IDEALARC 300/300

I would like to have a tig machine.
Does anyone have any comments on the Idealarc 300/300? What about a price
for a used one that is ten years old?
Thanks much
Reply to
knowone
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I've owned one since the mid 80's, the "new" design. Bought it new. I'm not an accomplished weldor, so it's hard to judge the machine from the position of a skilled person, but I can't complain about mine in any way. I'd buy it again under like circumstances, in other words. Value? Dunno. I guess it depends on condition. How's it equipped? How much they asking?
Harold
Reply to
Harold and Susan Vordos
I paid about $1300 for a Lincoln square-wave TIG 300, which is a pretty fantastic machine. I got a new regulator/flowmeter, a good water-cooled torch and a cooler in good working condition with the machine, as well as a HUGE steel cart on wheels. I am VERY impressed with this machine, and it sure can weld aluminum. I'm still in the learning stage on the Al, but have done some great work on steel, and a little stainless. I got the hang of the switchover from stick to TIG on steel in a half hour, and may NEVER stick weld again. (I have real problems with the flux fumes on stick, even working outdoors. I can TIG indoors and nobody else in the house even knows I'm welding!)
Jon
Reply to
Jon Elson
Thanks for the quick reply Harold.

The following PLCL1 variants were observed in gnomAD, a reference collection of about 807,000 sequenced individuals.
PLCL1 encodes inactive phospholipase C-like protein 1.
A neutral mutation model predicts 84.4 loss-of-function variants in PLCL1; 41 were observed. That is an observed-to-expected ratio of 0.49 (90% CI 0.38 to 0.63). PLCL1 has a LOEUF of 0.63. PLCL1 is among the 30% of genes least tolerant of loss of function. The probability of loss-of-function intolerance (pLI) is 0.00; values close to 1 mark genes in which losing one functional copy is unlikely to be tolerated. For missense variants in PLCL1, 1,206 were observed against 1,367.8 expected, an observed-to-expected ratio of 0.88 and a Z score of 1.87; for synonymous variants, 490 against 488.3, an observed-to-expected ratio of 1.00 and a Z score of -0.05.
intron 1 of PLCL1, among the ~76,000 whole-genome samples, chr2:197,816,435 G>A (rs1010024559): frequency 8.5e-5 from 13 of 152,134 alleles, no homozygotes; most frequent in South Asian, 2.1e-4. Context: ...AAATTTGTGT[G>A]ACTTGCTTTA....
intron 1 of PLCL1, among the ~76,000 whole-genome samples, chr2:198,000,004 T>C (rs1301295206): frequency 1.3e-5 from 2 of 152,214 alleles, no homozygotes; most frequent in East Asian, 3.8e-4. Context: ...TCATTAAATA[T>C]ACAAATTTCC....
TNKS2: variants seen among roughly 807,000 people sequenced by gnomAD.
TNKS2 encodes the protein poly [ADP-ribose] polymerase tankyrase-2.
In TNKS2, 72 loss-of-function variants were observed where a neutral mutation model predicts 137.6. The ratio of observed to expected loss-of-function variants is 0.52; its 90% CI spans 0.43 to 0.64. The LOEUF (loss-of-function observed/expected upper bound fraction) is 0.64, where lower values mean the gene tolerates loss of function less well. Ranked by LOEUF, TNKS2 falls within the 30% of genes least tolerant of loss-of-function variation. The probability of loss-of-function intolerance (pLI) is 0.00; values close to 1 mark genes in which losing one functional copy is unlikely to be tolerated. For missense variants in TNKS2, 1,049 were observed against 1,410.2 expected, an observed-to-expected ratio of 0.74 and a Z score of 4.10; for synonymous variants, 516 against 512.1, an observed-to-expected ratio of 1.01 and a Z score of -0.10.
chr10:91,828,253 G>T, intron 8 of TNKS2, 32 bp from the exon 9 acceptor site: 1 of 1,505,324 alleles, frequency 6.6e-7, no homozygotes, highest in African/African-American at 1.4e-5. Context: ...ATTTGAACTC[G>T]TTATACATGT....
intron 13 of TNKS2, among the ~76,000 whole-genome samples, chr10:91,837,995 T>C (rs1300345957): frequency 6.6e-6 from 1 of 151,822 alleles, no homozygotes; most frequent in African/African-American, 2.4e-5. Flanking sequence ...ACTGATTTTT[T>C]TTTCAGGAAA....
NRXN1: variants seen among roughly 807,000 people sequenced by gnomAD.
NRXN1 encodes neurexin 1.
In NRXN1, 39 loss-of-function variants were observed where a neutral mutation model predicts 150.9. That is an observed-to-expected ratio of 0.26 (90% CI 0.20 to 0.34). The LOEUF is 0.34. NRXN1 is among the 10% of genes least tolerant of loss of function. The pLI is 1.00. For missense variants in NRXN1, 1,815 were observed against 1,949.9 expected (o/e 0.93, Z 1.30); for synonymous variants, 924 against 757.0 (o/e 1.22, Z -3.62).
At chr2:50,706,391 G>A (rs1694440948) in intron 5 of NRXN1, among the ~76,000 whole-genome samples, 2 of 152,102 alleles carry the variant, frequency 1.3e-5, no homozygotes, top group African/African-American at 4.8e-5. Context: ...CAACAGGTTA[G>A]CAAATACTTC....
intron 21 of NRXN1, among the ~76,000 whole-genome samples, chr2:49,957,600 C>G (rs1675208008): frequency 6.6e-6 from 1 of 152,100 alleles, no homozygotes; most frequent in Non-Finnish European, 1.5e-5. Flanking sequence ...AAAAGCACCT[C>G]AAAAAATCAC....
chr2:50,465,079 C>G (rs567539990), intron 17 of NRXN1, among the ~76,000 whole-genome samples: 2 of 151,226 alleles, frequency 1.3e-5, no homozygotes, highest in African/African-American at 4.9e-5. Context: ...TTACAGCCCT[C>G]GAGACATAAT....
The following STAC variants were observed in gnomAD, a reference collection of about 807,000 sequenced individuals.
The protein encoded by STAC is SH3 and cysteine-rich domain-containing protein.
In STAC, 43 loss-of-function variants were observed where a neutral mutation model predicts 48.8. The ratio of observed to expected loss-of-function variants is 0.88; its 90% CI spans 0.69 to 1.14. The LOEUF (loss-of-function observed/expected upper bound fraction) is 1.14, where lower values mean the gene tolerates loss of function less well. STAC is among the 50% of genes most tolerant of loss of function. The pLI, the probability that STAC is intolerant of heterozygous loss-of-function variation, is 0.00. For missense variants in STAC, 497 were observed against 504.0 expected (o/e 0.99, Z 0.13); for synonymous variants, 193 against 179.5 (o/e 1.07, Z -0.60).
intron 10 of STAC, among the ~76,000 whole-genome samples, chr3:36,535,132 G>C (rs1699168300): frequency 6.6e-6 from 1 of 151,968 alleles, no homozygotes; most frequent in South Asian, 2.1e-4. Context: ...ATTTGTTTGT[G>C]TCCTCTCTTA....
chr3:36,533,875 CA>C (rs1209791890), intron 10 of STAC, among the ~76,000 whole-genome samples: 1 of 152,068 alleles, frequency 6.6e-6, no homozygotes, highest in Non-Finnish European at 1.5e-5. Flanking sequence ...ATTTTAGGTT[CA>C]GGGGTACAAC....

This one has the water cooled torch and regulator. I don't know if it has the water-cooler, etc. At this point, I don't know anything else as far as how it is equipped.
I don't know how to tig but I really want to learn to weld alum and ss.
I don't know what the person is asking. What do you think would be a fair price?
k.
Reply to
knowone
I paid $399 for mine but it had no torch, or foot pedal. Its a good machine but is big and heavy. heres a link
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then click on "shop tour" and you will see a picture. I use my MIG most of the time and Stick weld more than tig.
Reply to
wayne mak
I have no clue about resale values, but I can't help but think that with the newer solid state devices on the market, the older transformer machines don't have nearly as much appeal, although I can't help but think that they are likely more reliable.
I run my water to waste, so I don't have a cooler. That works well if you can dispose of the water easily. I installed a dedicated drain system when I built my shop, so in my case it works fine. I don't think I'd want an air cooled torch----to bulky and wouldn't stay cool enough if you had lots of work to do.
I hate to go out on a limb and make any predictions as to value, but if I was looking at one and it wasn't trashed, I think I'd be willing to pay up to $600 for it. Dunno. Maybe someone with experience will chime in. I just checked the invoice for mine, came to about $2,700 ready to go-----base price of the machine was $1,715, but I bought a bottle of gas, undercarriage, torch, everything needed to get started TIG welding. Invoice is dated 9-11-86. Mine has the capacitors that lower current demand.
Hope some of this helps. I think you still need to hear from someone with brains.
Harold
Reply to
Harold and Susan Vordos
Nice page and nice picture, Wayne.